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					  Lecture 8

Gay Marriage




               1
                       Homosexuality
• Until recently homosexuality was almost universally
  condemned and forbidden by law, but nowadays in
  developing countries the laws against it either no longer
  exist or are not enforced.
• The reason for this change in attitude is the belief about
  human liberty: adult people should be free to live their lives
  according to their wishes, as long as they don’t harm others.
• But this does not mean that all people now think that sexual
  orientation is just a matter of taste, and that any choice here
  is as good as any other.
• Many people still condemn homosexuality or regard it as
  “unnatural” and “wrong” but they nevertheless believe that
  the practice should be tolerated.

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                Homosexuals and equality
• Homosexual marriage is often regarded as a further step in
   the fight for equality between gay and straight people.
• Moreover it is represented as an extension of the fight for
   human rights: gay marriage advocates picture the
   opposition as being as irrational as the prohibition of
   marriage between whites and blacks.
• It is claimed that both are cases of invidious discrimination.
• The argument: if homosexual activity is permitted, why
   should homosexuals be denied a right to marry (one
   another)? Two big questions here:
1. Is marriage a social institution to which any pair of “loving
   and consenting adults” should be automatically entitled?
2. Will there really be no damage if gays are allowed to marry?

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Laws on homosexuality and gay marriage




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    Is there a bias in the debate about gay marriage?

• Public opinion is divided on the issue of gay marriage. In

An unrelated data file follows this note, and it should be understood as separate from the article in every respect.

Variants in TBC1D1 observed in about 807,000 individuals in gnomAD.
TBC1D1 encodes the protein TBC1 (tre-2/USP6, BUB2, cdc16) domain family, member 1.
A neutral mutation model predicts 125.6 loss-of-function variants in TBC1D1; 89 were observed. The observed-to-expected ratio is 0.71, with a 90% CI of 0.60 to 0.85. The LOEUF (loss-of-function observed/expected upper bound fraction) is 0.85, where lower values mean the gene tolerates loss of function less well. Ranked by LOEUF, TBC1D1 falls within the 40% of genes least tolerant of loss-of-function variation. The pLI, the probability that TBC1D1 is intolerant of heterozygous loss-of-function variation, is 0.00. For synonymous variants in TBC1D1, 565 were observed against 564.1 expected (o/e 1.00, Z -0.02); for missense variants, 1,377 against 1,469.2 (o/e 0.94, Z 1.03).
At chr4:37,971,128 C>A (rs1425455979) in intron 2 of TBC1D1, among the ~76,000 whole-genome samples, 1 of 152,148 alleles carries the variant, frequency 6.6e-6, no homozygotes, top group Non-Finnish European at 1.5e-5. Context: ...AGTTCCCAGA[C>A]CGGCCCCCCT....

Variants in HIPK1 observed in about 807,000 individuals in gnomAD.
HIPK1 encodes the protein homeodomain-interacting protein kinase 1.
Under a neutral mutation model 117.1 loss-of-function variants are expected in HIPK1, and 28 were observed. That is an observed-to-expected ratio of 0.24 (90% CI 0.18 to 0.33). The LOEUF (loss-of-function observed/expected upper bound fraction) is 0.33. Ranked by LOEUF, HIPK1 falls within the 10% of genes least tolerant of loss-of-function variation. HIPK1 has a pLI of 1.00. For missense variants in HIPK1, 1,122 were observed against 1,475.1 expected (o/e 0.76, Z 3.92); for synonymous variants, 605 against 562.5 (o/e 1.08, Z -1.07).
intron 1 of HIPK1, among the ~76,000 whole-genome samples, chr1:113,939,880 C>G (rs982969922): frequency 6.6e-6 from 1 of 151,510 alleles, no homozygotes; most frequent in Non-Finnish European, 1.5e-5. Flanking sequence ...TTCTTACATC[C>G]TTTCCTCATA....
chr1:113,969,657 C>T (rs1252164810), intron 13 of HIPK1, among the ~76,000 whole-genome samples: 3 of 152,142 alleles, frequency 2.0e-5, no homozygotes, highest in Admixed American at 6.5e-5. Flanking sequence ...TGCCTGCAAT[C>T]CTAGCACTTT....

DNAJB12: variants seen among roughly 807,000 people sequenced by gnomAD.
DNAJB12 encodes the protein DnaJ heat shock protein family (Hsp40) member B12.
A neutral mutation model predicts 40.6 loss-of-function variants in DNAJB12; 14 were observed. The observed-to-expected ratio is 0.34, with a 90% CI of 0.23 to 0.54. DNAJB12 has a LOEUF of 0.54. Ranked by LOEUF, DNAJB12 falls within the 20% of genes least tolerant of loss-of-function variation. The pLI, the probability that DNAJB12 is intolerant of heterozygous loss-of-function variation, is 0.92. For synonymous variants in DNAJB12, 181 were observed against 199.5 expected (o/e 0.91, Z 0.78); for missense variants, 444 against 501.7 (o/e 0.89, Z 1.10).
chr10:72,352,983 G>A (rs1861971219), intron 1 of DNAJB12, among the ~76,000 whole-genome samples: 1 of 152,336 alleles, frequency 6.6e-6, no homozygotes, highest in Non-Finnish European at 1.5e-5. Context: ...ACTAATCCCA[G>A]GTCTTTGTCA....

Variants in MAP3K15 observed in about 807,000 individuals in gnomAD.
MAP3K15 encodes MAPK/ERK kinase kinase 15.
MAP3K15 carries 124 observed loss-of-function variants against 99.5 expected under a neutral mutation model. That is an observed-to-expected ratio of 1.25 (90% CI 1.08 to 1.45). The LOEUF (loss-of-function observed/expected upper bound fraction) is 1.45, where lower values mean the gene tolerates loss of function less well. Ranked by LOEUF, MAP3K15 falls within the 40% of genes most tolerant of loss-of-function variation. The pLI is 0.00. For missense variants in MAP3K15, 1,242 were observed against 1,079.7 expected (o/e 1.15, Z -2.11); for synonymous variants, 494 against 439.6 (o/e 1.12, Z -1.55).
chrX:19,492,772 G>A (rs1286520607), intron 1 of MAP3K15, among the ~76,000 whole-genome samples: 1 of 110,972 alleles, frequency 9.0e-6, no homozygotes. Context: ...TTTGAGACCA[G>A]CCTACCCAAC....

the U.S. the majority is consistently against it.
• 44 states in the U.S. have introduced laws protecting
  marriage as being between man and woman.
• 30 states amended their constitutions to the same effect.
• American Psychological Association, American Sociological
  Association, and American Anthropological Association
  issued public declarations in support of gay marriage.
• Canadian philosophers massively endorsed gay marriage.
• The opposition to gay marriage is often treated as just being
  the result of ignorance, prejudice and religious fanaticism.
• The case of Margaret Somerville.

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    Five arguments against homosexual marriage

• Argument from meaning
  “Marriage” entails that partners are man and woman.
• Argument from tradition
  Marriage was always between man and woman.
• Argument from procreation
  The purpose of marriage is to foster procreation.
• Argument from a possible harm to children
  The purpose of marriage is to create the best environment
  for raising children.
• Argument from a threat to the institution of marriage
  The introduction of gay marriage will have bad effects on
  the institution of marriage.

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                 Argument from meaning
• The word “marriage” logically implies that partners are of
  the opposite sex. “Gay marriage” is a contradiction in terms!
• Objection: “marriage” is a legal term, and these terms often
  change their meaning. There is no reason why “marriage”
  should not also be understood in a different way, especially
  if one group complains about being excluded from it.
• Response: The current meaning of “marriage” can indeed be
  modified, but it should not be done too easily.
• If what gays basically want are the rights and privileges that
  go with marriage, why not give them these rights and
  privileges but call their relationships differently (“civil
  unions”) in order to preserve the ordinary meaning of the
  word “marriage”?

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                 Argument from tradition
• Marriage has historically been a heterosexual institution and
  this is in itself a good reason to keep it this way.
• Objection 1: The fact that something has always been one
  way or another isn’t a conclusive argument for keeping it
  that way. If it were, no social change would ever be justified.
• Response: The historical fact is not a conclusive reason for
  keeping marriage heterosexual, just a prima facie reason.
  Traditional social institutions are the product of distilled
  human wisdom accumulated through history and it is